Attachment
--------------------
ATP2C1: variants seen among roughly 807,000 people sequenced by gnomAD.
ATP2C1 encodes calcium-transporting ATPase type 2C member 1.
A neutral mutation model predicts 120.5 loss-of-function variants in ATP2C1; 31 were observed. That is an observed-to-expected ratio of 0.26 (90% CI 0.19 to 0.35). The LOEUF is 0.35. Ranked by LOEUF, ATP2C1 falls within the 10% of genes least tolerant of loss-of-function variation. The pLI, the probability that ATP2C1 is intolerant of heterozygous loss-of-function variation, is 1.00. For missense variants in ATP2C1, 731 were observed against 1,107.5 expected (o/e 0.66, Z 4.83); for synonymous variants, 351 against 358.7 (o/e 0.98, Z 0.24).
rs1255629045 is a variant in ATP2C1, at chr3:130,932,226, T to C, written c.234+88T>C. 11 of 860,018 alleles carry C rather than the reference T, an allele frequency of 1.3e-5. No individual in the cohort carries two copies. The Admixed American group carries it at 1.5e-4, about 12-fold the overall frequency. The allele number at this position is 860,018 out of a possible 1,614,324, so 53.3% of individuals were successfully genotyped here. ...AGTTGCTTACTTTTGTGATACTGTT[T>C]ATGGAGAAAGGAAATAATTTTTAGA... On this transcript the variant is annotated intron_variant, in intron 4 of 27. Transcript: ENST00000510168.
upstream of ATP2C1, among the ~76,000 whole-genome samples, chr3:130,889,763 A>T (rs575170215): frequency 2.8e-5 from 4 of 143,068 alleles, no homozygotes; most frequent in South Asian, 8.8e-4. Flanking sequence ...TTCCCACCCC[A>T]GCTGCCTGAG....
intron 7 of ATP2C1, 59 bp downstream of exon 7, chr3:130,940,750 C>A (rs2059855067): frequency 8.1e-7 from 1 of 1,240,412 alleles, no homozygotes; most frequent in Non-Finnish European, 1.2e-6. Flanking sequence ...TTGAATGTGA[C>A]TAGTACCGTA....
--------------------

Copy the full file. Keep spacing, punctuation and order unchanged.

ATP2C1: variants seen among roughly 807,000 people sequenced by gnomAD.
ATP2C1 encodes calcium-transporting ATPase type 2C member 1.
A neutral mutation model predicts 120.5 loss-of-function variants in ATP2C1; 31 were observed. That is an observed-to-expected ratio of 0.26 (90% CI 0.19 to 0.35). The LOEUF is 0.35. Ranked by LOEUF, ATP2C1 falls within the 10% of genes least tolerant of loss-of-function variation. The pLI, the probability that ATP2C1 is intolerant of heterozygous loss-of-function variation, is 1.00. For missense variants in ATP2C1, 731 were observed against 1,107.5 expected (o/e 0.66, Z 4.83); for synonymous variants, 351 against 358.7 (o/e 0.98, Z 0.24).
rs1255629045 is a variant in ATP2C1, at chr3:130,932,226, T to C, written c.234+88T>C. 11 of 860,018 alleles carry C rather than the reference T, an allele frequency of 1.3e-5. No individual in the cohort carries two copies. The Admixed American group carries it at 1.5e-4, about 12-fold the overall frequency. The allele number at this position is 860,018 out of a possible 1,614,324, so 53.3% of individuals were successfully genotyped here. ...AGTTGCTTACTTTTGTGATACTGTT[T>C]ATGGAGAAAGGAAATAATTTTTAGA... On this transcript the variant is annotated intron_variant, in intron 4 of 27. Transcript: ENST00000510168.
upstream of ATP2C1, among the ~76,000 whole-genome samples, chr3:130,889,763 A>T (rs575170215): frequency 2.8e-5 from 4 of 143,068 alleles, no homozygotes; most frequent in South Asian, 8.8e-4. Flanking sequence ...TTCCCACCCC[A>T]GCTGCCTGAG....
intron 7 of ATP2C1, 59 bp downstream of exon 7, chr3:130,940,750 C>A (rs2059855067): frequency 8.1e-7 from 1 of 1,240,412 alleles, no homozygotes; most frequent in Non-Finnish European, 1.2e-6. Flanking sequence ...TTGAATGTGA[C>A]TAGTACCGTA....